Vicki and the INK crew are working on Skype and schools in a formal way — they are creating a pilot project which will allow both them authors and teachers to explore, learn, and evaluate. I am sure we will all learn a great deal from their experiment — rules of the road, best practices, hazards, and opportunities. But in a much more informal way, I am experimenting with Skype and what it makes possible. For example, I got one of those nice teacher emails that shows up in your mail box every so often: her fifith grade class had read Trapped, the students wanted to send me notes, would I mind, what address? Sweet. But I thought, why go through the whole note routine, why don’t I just pop into their Illinois classroom by Skype? Now of course there are steps — nervous administrators to reassure, tech people who have to unblock the school system during the event, a budget-minder to be convinced that this really is free (a spur of the moment fly-in to meet a class that has already read your book did not strike me as a moment to list charges). Many hoops to jump through. But in the end, a class that went to the trouble to read a book gets to meet and speak with the author.
By coincidence, the day after I heard from the teacher I got an email from Susan Bloom — and old friend who has taught a Nonfiction course to future librarians at Simmons for years. One of her students had done his author study on me — could I Skype in to the class to meet him? In this case there were fewer hoops, and we will get together digitally today. Whether it is child-reader to author, prospective-librarian to author, author to expert (a session I held the other day) — the ways in which we connect — while staying close to our keyboards, families, and coffee mugs — is growing as fast as we can invent them. And here is one more: why not students to students? As I visit schools around the country I keep coming back to the same idea — which I’ve explored with the National Park Service — why not have students do local history research projects — even local site filmed tourism — and then share that with students elsewhere who are studying the place, or site, that happens to be near me?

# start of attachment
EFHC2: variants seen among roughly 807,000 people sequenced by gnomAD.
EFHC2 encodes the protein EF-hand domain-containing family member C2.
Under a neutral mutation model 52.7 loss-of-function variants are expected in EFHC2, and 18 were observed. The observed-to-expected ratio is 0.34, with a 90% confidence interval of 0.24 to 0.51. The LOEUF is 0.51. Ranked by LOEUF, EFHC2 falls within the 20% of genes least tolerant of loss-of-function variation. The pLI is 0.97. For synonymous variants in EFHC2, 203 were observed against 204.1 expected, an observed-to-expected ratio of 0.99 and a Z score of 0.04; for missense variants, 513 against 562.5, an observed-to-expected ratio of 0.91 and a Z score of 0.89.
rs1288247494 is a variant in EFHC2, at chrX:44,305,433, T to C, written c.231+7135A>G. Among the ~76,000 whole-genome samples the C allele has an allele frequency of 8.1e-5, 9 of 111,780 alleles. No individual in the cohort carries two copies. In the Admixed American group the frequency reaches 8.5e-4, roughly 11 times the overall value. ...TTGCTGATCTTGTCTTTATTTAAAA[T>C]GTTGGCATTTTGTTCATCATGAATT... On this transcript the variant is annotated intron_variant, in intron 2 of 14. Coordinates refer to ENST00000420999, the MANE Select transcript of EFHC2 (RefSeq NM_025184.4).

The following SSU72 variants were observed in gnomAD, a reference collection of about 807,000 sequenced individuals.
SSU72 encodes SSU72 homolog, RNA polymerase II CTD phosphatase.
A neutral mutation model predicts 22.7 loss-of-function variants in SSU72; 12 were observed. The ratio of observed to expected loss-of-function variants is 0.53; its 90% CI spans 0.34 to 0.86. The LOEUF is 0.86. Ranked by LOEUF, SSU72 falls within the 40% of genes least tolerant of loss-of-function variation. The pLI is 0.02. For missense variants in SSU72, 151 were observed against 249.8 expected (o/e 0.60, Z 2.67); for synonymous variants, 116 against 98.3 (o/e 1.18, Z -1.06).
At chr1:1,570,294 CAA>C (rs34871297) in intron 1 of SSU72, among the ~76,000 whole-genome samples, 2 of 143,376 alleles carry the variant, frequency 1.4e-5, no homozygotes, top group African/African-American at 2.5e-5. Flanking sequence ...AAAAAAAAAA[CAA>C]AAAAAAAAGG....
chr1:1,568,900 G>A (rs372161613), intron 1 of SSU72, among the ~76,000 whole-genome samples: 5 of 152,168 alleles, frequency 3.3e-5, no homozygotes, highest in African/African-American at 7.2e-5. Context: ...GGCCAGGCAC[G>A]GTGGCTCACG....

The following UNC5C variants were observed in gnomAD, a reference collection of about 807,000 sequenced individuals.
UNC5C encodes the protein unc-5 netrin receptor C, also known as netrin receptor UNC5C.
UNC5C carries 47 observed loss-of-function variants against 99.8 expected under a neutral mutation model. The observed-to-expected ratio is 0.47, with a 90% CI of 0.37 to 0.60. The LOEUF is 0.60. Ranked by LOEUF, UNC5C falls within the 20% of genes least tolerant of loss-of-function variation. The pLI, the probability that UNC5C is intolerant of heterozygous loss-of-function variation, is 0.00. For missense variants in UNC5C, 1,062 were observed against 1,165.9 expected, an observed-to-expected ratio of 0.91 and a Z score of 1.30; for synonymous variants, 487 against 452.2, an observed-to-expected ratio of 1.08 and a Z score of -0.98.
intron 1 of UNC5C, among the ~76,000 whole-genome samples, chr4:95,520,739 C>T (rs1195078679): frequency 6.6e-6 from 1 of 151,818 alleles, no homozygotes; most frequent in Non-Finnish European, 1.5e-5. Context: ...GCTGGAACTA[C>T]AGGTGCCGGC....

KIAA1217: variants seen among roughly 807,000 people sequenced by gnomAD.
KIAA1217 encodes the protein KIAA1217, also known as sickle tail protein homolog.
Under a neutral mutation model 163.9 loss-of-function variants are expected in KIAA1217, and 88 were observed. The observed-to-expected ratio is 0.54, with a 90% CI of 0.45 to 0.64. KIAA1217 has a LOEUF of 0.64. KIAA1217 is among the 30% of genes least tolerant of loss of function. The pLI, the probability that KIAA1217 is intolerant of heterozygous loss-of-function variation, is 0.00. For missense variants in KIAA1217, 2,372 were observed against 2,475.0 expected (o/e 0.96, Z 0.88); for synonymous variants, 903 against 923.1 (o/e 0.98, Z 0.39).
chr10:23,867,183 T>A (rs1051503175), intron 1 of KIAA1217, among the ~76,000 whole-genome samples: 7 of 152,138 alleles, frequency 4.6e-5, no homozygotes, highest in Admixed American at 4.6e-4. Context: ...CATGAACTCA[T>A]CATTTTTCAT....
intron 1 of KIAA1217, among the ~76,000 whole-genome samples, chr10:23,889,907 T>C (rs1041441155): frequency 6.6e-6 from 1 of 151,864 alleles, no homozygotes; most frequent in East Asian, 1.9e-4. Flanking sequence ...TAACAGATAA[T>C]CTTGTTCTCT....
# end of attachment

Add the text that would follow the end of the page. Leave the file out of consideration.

Think about it: Ellis Island is a class trip for any school in the Metropolitan Area. It is a photo in a textbook for the rest of the country. Same, in reverse, for the Lincoln Memorial in DC and the site of the I Have a Dream speech, or any Am Rev or Civ War battlefield, etc. Why not have a school group in San Francisco use a flip cam — or even someone’s smart phone — to film The Golden Gate, or Angel island, or the latest Occupy protest in Oakland — and then share that via some form of Youtube, and offer a class to class Skype for a school group in Iowa or Miami which happens to be studying just that? Each individual class does something easy — local trip with handy technology — though in the process they learn about filming, journalism, history, historical research. But collectively the young people of the nation leap out of the textbooks into shared experiences of knowledge, and of collective presence. And then what if we make this international — a school in London, one in Kolkata, and one in Boston all working on, say, the Boston Tea Party — local films that become the international story of the Boston Tea Party — or, to think really big, the Silk Road? The sugar-slave trade? Many small local films that become a vast international saga — student created, and student shared.
Yes there are issues to work through — but, for now, experiment, experiment, experiment.